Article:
But you additionally run into some probably scary chemistry. Which is the place that asterisk is available in.

Another Notch

The iPhone X famously popularized the “notch,” the front-facing black swoop that homes an array of digicam parts. The iPhone XS battery has a notch as effectively, a type of buffer space round that inside nook, designed to keep up the battery’s integrity because it angles round. In truth, the within of that L-shaped casing, the precise battery appears extra like a J.

The purpose: Batteries hate edges. And the extra of them you introduce, the extra potential issues you create.

“There are two problems to having an inward corner on a battery like this. It’s a very intricate, complex process to fold the layers of the battery in the first place,” says iFixit author Taylor Dixon. “But once the layers are folded, if you have an inward corner, that corner is harder to maintain a flat seal on, and that sealant is also more susceptible to breaking or corrosion during thermal expansion, when the battery’s hot.”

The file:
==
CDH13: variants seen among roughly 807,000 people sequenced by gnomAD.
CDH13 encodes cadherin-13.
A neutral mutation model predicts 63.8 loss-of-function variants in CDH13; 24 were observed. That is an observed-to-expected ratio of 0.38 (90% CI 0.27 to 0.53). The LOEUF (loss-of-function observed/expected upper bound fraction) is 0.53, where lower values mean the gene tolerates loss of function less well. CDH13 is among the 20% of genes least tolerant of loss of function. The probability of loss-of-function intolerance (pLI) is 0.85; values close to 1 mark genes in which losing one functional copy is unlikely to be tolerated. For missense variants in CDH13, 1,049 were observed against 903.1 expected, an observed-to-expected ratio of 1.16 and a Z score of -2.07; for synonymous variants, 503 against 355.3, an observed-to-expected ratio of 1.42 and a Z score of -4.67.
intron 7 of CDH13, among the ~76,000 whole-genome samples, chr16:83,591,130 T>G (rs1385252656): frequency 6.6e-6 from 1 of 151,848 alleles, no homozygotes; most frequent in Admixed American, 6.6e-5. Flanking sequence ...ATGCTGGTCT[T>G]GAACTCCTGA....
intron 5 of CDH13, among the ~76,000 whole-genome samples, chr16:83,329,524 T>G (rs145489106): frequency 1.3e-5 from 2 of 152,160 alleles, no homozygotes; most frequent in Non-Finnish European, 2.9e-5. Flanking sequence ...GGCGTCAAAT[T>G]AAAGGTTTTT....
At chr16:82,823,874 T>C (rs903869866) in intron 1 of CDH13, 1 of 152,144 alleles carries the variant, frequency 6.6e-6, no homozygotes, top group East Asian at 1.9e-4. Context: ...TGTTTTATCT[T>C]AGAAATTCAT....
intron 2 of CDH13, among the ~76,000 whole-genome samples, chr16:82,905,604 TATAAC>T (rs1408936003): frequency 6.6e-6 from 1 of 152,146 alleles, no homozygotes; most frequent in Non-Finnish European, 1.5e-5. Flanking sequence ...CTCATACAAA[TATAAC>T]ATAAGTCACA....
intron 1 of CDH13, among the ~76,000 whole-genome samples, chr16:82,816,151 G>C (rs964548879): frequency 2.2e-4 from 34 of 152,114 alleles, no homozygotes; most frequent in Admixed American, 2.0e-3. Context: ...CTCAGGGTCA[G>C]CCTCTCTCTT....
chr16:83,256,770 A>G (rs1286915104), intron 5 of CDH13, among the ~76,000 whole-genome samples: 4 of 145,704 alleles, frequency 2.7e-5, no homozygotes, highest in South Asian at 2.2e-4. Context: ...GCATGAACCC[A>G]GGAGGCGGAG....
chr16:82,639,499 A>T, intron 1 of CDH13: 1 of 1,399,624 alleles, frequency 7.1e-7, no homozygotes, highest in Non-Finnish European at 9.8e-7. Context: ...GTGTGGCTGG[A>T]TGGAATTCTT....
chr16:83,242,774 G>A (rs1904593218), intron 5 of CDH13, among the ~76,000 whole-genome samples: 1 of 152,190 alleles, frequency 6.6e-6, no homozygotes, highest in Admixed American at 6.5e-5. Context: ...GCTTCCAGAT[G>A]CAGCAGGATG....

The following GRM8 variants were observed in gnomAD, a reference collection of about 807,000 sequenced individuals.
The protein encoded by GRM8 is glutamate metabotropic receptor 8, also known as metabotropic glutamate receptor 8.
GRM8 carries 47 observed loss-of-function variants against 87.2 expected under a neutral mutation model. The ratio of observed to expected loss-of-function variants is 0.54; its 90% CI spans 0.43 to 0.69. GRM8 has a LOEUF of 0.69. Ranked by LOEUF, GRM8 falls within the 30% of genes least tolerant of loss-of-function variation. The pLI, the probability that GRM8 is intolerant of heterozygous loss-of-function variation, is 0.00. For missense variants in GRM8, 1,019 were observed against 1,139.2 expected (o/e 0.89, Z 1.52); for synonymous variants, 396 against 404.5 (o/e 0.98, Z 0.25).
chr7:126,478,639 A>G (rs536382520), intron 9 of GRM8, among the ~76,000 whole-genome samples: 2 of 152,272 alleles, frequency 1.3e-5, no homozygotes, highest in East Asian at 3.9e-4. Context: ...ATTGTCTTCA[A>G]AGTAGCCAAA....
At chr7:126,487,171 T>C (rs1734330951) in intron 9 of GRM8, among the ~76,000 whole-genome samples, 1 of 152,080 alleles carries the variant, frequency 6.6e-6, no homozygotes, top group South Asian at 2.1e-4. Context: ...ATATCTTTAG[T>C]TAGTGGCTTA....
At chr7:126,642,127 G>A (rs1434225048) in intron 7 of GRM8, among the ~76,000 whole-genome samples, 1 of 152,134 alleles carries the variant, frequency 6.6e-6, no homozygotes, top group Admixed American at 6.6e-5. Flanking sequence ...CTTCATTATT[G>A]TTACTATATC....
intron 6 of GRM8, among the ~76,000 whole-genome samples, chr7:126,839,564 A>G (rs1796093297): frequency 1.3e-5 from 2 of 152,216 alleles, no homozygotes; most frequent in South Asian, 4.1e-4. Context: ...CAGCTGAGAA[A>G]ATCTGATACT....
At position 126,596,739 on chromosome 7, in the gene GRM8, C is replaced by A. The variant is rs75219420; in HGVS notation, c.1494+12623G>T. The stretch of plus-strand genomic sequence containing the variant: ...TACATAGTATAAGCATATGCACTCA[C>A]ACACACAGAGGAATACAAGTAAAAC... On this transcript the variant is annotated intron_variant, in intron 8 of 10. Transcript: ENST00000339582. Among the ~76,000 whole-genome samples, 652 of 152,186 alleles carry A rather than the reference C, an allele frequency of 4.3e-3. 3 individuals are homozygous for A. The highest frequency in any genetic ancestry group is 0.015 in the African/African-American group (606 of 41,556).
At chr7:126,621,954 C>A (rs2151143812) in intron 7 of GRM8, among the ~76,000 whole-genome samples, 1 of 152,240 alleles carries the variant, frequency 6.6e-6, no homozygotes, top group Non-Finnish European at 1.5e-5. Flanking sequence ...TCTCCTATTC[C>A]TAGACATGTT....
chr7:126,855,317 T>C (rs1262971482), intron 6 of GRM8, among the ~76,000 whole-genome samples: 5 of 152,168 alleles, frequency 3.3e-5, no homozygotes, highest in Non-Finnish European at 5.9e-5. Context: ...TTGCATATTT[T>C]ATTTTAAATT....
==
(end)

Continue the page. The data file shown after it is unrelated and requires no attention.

Enter the notch, which creates a sand trap-like buffer across the nook. Rather than a pointy inside angle, the iPhone XS battery really has a curve, which ought to assist its long-term integrity, and maintain it out of Note 7 territory. Dixon says notch additionally leaves sufficient room for Apple to place a correct seal on the battery, with out protruding past the confines of the L-shaped packaging.

“They’re trying to miniaturize everything. You have to pack in as much energy density as you can into this batteries.”

Venkat Srinivasan, JCESR